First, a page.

AZUMA Comes to Selby

On 16 May Selby experienced the benefits of a £5.7Billion new train replacement project started in 2011. The new AZUMA trains are smoother, have more seats, more room and accelerate faster than any other train running in Britain. The first service from Hull via Selby to London started on 16 May with the train stopping in Selby at 07.34. Passengers on board included Councillors Ian and Judith Chilvers going to London for a meeting with Rail Minister Andrew Jones MP.

On the train to London Ian and Judith met David Horne, Managing Director of LNER who explained the new features of the train. The trains are bi-modal which means that they can run either under their own power or from overhead electric power. While talking to David Horne the train joined the East Coast mainline where power switched seamlessly from self-powered to overhead electric power.  On the East Coast Mainline the acceleration out of stations was noteworthy, more along the lines of an aircraft on a runway than a 9 coach train.

Cllr Ian Chilvers said the sleek streamlined design made a big impression on him when the train approached Selby Station. On boarding the train Cllr Judith Chilvers said that the open, light and spacious feel of the train made her feel welcome and immediately comfortable.

The speed of the train to London for most of the journey was 125mph and this was reached very quickly after the train left a station. David Horne said “We have 65 of these new trains on order and the first 12 have been delivered. This is one of the first to enter service. The others are being used for driver training and will be entering service over the coming weeks.”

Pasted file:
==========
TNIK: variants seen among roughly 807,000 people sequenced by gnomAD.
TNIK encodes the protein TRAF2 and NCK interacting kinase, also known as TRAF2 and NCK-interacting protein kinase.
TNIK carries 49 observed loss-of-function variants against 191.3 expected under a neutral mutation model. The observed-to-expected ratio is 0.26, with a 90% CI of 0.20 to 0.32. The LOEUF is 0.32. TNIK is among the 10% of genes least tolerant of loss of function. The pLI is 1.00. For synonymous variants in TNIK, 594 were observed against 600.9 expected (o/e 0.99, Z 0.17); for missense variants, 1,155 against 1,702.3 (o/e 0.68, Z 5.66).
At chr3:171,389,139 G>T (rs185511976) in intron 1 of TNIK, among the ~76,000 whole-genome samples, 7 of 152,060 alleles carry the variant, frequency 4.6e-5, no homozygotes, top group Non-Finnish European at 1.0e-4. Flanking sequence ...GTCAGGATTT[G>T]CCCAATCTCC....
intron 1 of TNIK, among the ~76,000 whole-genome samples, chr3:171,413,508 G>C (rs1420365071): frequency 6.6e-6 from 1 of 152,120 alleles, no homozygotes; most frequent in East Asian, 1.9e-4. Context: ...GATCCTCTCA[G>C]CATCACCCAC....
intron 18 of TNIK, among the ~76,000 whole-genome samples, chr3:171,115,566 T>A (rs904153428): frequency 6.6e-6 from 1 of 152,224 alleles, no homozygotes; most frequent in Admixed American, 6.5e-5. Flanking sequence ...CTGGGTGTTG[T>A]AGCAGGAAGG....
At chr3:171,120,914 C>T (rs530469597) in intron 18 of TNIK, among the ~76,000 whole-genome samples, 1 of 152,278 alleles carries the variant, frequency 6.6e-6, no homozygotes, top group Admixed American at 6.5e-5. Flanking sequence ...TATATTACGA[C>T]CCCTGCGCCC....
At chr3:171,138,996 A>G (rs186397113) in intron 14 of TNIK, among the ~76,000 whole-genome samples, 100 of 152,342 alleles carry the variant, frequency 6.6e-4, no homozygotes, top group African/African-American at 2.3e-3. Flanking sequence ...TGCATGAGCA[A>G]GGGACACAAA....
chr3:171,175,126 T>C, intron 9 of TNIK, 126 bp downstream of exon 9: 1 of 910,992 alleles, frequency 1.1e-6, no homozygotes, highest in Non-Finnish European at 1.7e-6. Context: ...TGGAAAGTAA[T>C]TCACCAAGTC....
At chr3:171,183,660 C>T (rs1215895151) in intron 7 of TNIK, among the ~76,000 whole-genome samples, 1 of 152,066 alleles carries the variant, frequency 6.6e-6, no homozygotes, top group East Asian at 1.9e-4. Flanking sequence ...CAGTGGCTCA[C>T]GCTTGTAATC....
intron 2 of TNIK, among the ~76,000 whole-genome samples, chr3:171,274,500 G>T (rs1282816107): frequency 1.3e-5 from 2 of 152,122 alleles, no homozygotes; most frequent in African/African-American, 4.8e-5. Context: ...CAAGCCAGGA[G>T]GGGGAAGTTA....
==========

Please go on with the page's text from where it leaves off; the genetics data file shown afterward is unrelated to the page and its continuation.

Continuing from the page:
The AZUMAS on the East Coast Mainline will gradually replace all the 125 HST trains that were first introduced in 1975 and the Intercity 225 electric trains that were introduced in 1989. AZUMA means East in Japanese, a perfect fit with them operating on the East Coast Mainline. While the trains are of Japanese design they are made in a new specially built state of the art factory in Newton Aycliffe, County Durham. While the train is built by Hitachi 70% of the components are made in the UK.

In their meeting with Rail Minister, Andrew Jones MP Ian and Judith Chilvers gave Andrew an account of their experience of the train, along the lines of an account by mystery shoppers. The introduction of the new trains had been a personal responsibility of Andrew Jones at the Department for Transport and he gave Ian and Judith a lot of background information about the project and the way it will transform rail travel on the East Coast Mainline. Services will be faster, more reliable and trains will be able to include more station stops. The new trains are just one part of a much wider multi £Billion investment in our railways and Selby is going to be one of the first towns to benefit. Later this year Hull trains will introduce their own AZUMA service to London, Trans-Pennine Express are introducing brand new trains and so are Northern Rail. Indeed, on the way to London new trains for Northern Rail were seen in Doncaster and will soon be introduced into service.

The upgrade of Selby Station was also discussed and Andrew Jones said that the quality of the proposal and the support from Selby District Council had helped the bid for funding to succeed.  A date for doing the work has not yet been set but the request was made that Selby should be one of the first stations to be upgraded out of those that have had funding allocated. The new AZUMA trains each have four dedicated wheelchair spaces with power points and adjoining companion seat. The combination of station access and AZUMA on-board facilities transforming the experience for passengers who rely on wheelchairs.

In summarising the AZUMA project Andrew Jones said “The Government’s £5.7bn investment in Azuma trains is a critical component in our ongoing work to improve journeys for customers. They will modernise and transform services for customers along this route, delivering more space and more seats as well as faster journeys.

As with every rail project the impact across the UK extends beyond the rail network. I am particularly proud that these trains have been built in the North East at Hitachi’s £82m state of the art factory at Newton Aycliffe”.